Vladimir Itskov works at the interface of mathematics and neuroscience (i.e., understanding of how the brain works). On the neuroscience side, his research is concerned with neural networks and representations of stimuli in the brain. The mathematical methods used include dynamical systems, as well as techniques coming from algebra and algebraic topology. Vladimir is one of the co-heads of the Mathematical Neuroscience Lab.

Yu Jin has research interest in applied mathematics with the main focus on dynamical systems and mathematical biology. Her research work is the conjoining of nonlinear dynamics and biology. This includes the establishment of appropriate mathematical models (mainly ordinary/partial/functional differential equations� and difference equations) for phenomena in spatial ecology, population dynamics, and epidemiology, as well as mathematical and computational analysis for models. Her current research is mainly focused on spatial population dynamics, especially on population spread and persistence in streams or rivers.

Glenn Ledder works in mathematical modeling for life sciences and physical sciences. His current interests include population dynamics and dynamic energy budget models. He is also active in developing an undergraduate mathematics curriculum for biology students and in mentoring REU student groups. He is the director of the RUTE (Research for Undergraduates in Theoretical Ecology) program.

David Logan works in the areas of applied mathematics and ecological modeling. His interests include ordinary and partial differential equations, difference equations, and stochastic processes. His current research in mathematical ecology includes work on nutrient cycling, physiologically-structured population dynamics, the effects of global climate change on ecosystems and food webs, and insect eco-physiology.

Richard Rebarber has research interests in Mathematical Ecology and in Distributed Parameter Control Theory. His research in Ecology is in population dynamics, including: the effect of parameter uncertainty (such as modeling error) and perturbations (such as global warming) on long-term and transient population growth; the application of robust control theory methods to population analysis and management; stability properties of nonlinear models; and analysis of models with stochasticity.

Tom Shores is interested in the numerical solutions of ordinary and partial differential equations, especially those singular and nonlinear equations which are amenable to sinc methods. He is also interested in numerical methods for problems in inverse theory, especially parameter identification problems in ordinary and partial differential equations. More generally, he has research interests in issues dealing with scientific computation. Finally, he is interested in the mathematical modeling of populations and porous medium problems.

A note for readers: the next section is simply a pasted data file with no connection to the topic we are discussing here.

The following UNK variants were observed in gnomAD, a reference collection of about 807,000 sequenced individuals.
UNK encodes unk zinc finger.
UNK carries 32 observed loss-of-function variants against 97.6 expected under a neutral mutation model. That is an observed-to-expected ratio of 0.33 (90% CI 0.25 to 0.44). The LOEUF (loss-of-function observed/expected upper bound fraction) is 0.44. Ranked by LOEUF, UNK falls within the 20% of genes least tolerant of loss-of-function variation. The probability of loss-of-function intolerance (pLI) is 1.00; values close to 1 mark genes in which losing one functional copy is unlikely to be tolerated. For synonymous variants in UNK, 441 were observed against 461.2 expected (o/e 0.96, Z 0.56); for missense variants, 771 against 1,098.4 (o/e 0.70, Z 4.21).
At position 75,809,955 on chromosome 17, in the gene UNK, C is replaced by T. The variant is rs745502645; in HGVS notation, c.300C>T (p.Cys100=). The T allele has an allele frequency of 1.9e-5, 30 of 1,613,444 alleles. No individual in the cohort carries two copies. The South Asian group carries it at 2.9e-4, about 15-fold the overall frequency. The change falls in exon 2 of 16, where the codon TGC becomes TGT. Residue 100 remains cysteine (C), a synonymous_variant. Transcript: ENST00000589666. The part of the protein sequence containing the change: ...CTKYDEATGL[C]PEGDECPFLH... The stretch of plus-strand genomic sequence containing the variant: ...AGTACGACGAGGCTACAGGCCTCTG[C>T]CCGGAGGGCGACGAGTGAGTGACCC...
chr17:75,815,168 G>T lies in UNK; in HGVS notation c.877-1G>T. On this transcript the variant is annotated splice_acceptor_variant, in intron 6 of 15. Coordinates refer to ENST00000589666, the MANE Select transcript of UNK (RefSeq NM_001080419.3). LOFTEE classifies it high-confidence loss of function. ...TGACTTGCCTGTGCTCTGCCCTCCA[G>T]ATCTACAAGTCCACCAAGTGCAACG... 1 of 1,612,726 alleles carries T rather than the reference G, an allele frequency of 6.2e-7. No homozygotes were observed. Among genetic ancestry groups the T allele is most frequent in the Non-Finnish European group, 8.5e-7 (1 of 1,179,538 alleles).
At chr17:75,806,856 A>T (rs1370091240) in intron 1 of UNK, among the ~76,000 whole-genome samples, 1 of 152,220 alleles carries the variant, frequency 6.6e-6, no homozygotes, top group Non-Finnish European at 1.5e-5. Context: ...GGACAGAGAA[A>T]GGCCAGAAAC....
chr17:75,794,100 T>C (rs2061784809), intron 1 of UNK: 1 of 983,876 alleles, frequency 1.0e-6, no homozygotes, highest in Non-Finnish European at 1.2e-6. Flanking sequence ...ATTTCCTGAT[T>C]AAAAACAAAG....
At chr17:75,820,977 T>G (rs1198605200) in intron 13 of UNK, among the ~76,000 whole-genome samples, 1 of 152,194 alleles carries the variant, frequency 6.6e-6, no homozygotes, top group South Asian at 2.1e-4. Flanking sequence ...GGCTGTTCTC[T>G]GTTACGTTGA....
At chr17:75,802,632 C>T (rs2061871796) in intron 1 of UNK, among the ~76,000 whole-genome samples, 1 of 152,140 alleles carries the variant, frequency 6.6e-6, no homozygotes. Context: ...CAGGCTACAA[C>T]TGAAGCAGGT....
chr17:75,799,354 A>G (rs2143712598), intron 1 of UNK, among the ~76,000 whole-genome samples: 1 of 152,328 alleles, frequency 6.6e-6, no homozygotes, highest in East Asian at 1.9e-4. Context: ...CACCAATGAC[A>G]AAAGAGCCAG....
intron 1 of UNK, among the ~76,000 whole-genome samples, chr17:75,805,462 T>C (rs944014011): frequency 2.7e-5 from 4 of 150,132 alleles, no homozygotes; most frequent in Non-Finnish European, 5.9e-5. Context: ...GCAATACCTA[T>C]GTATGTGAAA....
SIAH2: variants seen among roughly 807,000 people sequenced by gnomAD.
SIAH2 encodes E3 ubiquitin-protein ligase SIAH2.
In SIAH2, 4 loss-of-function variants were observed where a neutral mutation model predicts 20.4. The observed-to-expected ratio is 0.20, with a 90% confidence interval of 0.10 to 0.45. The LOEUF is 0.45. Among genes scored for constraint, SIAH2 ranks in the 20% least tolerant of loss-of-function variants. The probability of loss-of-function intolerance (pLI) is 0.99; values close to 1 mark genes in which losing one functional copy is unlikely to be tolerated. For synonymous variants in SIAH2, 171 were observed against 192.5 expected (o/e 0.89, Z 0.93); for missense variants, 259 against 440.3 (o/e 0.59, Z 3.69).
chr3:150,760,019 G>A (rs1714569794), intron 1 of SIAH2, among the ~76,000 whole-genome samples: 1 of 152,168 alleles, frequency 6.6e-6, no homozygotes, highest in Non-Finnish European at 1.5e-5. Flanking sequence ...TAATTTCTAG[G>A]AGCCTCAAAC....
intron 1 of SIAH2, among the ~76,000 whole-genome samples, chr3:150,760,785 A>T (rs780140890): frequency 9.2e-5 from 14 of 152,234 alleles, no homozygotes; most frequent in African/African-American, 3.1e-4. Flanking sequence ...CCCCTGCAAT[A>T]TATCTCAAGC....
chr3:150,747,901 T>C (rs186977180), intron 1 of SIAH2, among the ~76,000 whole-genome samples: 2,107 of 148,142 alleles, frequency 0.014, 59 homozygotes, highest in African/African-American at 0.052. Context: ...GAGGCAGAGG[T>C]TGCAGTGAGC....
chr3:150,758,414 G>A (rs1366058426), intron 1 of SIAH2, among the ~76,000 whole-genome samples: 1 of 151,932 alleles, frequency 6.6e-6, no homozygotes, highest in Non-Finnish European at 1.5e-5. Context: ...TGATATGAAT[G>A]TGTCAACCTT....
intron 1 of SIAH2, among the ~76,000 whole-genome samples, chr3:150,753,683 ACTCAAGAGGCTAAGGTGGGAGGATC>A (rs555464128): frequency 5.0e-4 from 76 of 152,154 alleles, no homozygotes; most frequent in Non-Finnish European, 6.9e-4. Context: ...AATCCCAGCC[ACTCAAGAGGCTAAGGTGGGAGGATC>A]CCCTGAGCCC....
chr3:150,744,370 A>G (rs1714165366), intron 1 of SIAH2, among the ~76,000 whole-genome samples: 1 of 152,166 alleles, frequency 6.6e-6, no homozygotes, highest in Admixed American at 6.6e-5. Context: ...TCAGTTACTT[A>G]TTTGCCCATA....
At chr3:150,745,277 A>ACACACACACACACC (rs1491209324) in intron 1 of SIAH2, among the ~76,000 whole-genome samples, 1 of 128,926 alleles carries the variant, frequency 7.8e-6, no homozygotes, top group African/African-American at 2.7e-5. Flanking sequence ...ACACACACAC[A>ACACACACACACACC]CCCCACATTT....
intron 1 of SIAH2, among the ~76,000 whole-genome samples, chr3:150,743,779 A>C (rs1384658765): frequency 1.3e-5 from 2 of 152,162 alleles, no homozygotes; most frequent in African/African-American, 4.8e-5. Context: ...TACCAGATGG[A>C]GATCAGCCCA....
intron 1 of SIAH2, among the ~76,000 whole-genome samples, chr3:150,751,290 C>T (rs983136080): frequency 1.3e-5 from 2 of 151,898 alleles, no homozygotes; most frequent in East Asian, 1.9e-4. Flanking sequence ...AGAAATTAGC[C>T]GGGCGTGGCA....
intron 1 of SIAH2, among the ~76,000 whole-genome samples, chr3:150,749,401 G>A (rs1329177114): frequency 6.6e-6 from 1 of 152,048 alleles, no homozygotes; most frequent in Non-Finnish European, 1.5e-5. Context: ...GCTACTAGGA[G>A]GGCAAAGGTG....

Brigitte Tenhumberg uses stochastic, discrete time models tailored to specific biological systems to advance the understanding of ecological processes. The models she uses include stochastic dynamic programming, matrix models, and agent based simulation models. One area of research emphasis is optimal decision making of animals (foraging or life history decisions) or humans (management of wildlife populations). Recent work addresses topics in invasion ecology, in particular understanding ecological mechanisms promoting ecosystem resistance to invasions.

Drew Tyre is a colleague in the School of Natural Resources. His work focuses on using statistical and mechanistic models of single species population dynamics to help managers make better informed decisions about both game and non-game species. He is interested in applying robust control methods to structured population models, optimization methods to conservation and utilization decisions, and Bayesian Hierarchical models to survey and harvest data.

Alan Veliz-Cuba is interested in using and developing algebraic tools (algebraic geometry, Boolean algebra, combinatorics, graph theory, symbolic computation) to study problems arising in systems biology; he is also interested in the relationship between discrete and continuous dynamical systems. In particular, he is interested in modeling biological systems such as gene regulatory networks and studying how the network topology constrains the dynamics.

Graduate Students

Eric Eager (PhD 2012) Richard Rebarber

Brittney HindsBo Deng

Ben NoltingDavid Logan

Caitlyn ParmeleeCarina Curto

Sara ReynoldsChad Brassil and Glenn Ledder

Nora YoungsCarina Curto and Judy Walker